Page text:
Home / iPad / Hands-on: Tapbots officially launches ‘Ivory for Mastodon’ with Tweetbot foundation

Hands-on: Tapbots officially launches ‘Ivory for Mastodon’ with Tweetbot foundation

As Mastodon continues to gain traction, Tapbots has officially released the first version of its highly-anticipated “Ivory” client on the App Store. Ivory will be familiar to long-time Tweetbot users, but with a number of features and enhancements specific to the Mastodon experience. 

Head below for an in-depth look at what Ivory has to offer, as well as what’s still to come… and download it on the App Store now.

Hands-on: Ivory for Mastodon

Selfish plug: Follow me on Mastodon and follow 9to5Mac on Mastodon

When you download Ivory for the first time, you’ll be prompted to seamlessly connect the app to your Mastodon account. This just involves entering your Mastodon server, then authenticating with your own Mastodon account. 

Ivory’s design will be familiar to long-time Tweetbot users. The bottom navigation bar offers quick access to your Home feed and your mentions. The next three slots are customizable and can be set to show all of your notifications, search, lists, your favorites, your bookmarks, your overall activity stats, your filters, or a quick link to your Mastodon profile. 

From the main Home feed view, you’ll see a familiar timeline of all the posts from Mastodon accounts you follow. You can easily interact with those posts directly from the Home feed using quick action buttons right below each post, or by swiping left or right on the post. Swiping right reveals the ability to quickly favorite or respond to a post while swiping right will take you to the post’s “Detail” view. 

You can quickly compose your own Mastodon post using the trumpet icon in the bottom-right corner. You can also search within the timeline just by tapping the search icon in the upper-right corner. 

From the top of the Home feed, you can switch to your “Local” timeline, which shows all the posts from accounts on your Mastodon instance. For example, if you’re on the Mastodon.social instance, the “Local” timeline will show all posts from other users on that instance. 

You can also switch to the “Federated” timeline. This timeline shows a broader feed of posts from your instance, people you follow, people who people you follow boost, and more. The specific implementation of the Federated timeline can vary a bit by app and instance, but expect it to include a wider range of posts and accounts than the “Federated” or Home feeds. 

Jumping into the “Settings” interface for Ivory reveals a handful of customization options, as well as the ability to add additional Mastodon accounts. 

Customization options include the ability to adjust the font style, the text size, and various different aspects of the interface. For instance, you can change the size of the aforementioned action buttons, or even remove them altogether. You can also change the accent colors, adjust media thumbnail preview sizes, and more. 

You can also customize the behavior of swiping on posts in the timeline, dragging and dropping posts, customizing tabs at the bottom, and more. There are also settings that are unique to Mastodon itself, such as managing Mastodon’s “Sensitive Content” settings. 

9to5Mac’s Take

Ivory is a very impressive first version of Tapbots’ client for Mastodon. Again, there are obvious similarities to Tweetbot, but with changes and features designed to take full advantage of the benefits offered by Mastodon. For example, Mastodon gives third-party developers access to polls, so you can vote on Mastodon polls (something that was never offered by the Twitter API for third-party developers).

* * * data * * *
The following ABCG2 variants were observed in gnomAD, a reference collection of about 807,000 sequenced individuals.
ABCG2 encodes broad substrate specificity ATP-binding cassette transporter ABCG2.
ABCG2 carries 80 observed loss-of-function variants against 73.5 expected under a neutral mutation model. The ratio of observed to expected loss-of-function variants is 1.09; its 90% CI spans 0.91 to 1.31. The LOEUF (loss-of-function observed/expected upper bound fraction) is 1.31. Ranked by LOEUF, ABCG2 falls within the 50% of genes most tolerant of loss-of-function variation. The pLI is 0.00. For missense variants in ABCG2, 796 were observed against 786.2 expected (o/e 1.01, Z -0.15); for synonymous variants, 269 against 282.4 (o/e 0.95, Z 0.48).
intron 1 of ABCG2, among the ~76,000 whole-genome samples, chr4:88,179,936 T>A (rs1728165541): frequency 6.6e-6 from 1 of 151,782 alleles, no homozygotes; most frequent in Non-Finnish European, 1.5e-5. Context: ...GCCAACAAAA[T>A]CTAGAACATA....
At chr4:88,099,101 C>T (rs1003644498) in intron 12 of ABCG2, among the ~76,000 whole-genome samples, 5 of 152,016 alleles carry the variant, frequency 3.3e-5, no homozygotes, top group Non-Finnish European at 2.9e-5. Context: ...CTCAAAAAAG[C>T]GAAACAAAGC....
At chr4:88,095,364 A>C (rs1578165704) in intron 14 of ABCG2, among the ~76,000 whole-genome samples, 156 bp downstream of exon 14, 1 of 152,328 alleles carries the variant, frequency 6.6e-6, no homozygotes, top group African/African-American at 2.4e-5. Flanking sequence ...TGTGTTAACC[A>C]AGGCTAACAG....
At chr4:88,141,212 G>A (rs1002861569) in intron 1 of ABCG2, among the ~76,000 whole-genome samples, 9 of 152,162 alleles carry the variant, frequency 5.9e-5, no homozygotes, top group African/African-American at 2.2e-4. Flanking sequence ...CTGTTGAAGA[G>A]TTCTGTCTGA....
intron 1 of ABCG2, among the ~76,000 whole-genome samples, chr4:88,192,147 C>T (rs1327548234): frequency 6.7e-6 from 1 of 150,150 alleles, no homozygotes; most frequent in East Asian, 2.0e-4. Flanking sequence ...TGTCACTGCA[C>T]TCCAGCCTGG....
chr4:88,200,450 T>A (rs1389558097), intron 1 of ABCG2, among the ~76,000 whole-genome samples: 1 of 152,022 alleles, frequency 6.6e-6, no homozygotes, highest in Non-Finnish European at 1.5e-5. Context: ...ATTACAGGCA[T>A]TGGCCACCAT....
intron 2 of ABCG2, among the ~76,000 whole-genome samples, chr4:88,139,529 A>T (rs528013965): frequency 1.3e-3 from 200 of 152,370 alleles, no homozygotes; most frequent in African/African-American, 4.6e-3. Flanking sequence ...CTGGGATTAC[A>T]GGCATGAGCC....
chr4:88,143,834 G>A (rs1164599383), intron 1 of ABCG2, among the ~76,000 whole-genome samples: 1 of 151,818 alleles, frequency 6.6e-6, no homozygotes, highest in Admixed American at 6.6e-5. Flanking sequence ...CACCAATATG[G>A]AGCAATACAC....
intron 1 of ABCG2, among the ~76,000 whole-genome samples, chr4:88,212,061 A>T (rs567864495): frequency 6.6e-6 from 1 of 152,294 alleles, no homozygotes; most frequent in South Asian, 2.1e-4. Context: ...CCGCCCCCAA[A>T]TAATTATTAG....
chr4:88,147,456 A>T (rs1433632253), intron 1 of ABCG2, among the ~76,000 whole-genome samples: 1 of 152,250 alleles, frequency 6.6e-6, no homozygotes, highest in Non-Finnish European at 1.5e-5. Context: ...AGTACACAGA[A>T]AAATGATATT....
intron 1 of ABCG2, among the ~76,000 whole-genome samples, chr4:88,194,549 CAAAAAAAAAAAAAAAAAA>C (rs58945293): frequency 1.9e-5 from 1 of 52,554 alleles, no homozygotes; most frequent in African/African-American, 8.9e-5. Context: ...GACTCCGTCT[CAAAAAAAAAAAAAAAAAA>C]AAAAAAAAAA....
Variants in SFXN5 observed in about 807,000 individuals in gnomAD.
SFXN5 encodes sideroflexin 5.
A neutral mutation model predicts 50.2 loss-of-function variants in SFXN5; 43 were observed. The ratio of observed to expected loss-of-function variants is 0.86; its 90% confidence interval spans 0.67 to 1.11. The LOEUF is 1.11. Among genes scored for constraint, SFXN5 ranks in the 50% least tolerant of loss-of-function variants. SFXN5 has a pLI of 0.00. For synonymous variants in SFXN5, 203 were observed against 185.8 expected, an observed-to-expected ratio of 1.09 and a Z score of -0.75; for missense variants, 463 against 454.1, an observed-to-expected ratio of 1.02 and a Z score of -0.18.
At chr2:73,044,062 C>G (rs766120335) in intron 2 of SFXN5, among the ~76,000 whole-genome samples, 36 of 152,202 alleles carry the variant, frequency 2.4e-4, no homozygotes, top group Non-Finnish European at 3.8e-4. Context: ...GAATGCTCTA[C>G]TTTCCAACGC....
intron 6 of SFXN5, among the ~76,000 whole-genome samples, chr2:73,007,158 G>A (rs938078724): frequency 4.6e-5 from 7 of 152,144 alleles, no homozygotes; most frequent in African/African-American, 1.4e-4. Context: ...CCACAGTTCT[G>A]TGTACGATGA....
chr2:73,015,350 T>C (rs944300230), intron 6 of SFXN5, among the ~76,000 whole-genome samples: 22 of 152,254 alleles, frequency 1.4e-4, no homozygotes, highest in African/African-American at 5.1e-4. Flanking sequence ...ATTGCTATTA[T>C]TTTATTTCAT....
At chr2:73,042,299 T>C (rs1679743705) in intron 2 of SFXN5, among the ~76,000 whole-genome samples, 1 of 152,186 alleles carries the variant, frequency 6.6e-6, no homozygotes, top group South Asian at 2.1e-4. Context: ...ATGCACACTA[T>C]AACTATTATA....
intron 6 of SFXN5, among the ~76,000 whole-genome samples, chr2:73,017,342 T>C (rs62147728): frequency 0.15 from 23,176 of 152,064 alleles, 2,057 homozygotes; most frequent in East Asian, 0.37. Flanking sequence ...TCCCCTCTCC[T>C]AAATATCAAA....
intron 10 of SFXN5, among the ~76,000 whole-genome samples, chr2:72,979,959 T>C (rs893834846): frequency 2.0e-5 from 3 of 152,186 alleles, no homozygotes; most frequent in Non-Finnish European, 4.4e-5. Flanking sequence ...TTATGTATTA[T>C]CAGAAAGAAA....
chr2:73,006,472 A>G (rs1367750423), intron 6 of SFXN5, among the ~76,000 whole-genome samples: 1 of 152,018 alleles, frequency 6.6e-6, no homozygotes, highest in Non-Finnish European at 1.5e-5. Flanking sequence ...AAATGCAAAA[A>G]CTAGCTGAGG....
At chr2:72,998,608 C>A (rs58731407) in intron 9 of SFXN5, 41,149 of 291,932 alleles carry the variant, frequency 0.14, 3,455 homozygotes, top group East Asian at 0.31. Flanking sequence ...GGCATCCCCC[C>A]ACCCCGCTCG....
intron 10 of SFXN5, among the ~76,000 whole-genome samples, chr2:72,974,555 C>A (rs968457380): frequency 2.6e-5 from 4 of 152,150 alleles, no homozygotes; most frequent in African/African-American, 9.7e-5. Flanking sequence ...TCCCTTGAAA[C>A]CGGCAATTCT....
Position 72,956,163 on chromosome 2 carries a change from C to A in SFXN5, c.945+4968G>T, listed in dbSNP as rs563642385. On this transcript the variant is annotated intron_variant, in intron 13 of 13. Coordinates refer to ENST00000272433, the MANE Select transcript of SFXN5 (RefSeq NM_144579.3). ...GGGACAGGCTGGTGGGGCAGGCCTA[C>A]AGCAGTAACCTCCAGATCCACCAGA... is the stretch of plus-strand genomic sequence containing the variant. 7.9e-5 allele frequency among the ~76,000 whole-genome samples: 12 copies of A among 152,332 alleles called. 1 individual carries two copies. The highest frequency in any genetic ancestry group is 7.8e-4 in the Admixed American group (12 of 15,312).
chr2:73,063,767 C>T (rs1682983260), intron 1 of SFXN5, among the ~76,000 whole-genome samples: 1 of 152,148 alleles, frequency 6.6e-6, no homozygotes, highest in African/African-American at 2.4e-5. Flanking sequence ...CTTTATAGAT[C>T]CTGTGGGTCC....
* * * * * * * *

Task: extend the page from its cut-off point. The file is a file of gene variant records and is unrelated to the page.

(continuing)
Ivory also works seamlessly across your multiple devices. There’s timeline syncing, so your timeline position is synced between Ivory on your iPhone and iPad. This also applies to any custom filters you may have created. 

One thing important to keep in mind is that this is the first version of Ivory. Tapbots expedited its plans to publicly release Ivory in light of Elon Musk’s decision to cowardly cut off third-party Twitter apps like Tweetbot. That being said, Ivory has been impressively stable and reliable in my testing of the app over the past month. 

I’m particularly interested to see what the release of Ivory means for the continued growth of Mastodon. Some Mastodon holdouts have said that the release of Ivory will prompt them to reconsider the social network – the familiarity between Ivory and Tapbots certainly makes the switch easier and less jarring. 

Ivory for Mastodon is available to download now on the App Store. You can download the app for free and access a fully-functional demo to check things; to unlock the full Ivory experience, subscription options include $1.99 per month or $14.99 per year. There’s also a “Premier Subscriber” tier that includes the same features as the Basic tier, but exists as a way to further support Tapbots. 

Tapbots has a rundown of features coming to Ivory in the future on its website, providing a clear roadmap of its goals over the coming months. The company is also preparing a Mac version of Ivory, but that’s still pretty early in development at this point. 

  • Edit profile including displaying metadata
  • Edit Posts
  • Create content warning posts
  • Read alt/description text for media
  • Improved hashtags (search, following)
  • Support for custom instance emoji
  • Improved notifications tab (options and better filtering)
  • Improved tab (navigation) bar
  • Suppress duplicate boosted posts

If you’ve been considering joining Mastodon, today’s launch of Ivory is a great way to make the jump, especially if you were a Tweetbot user before its shutdown. 

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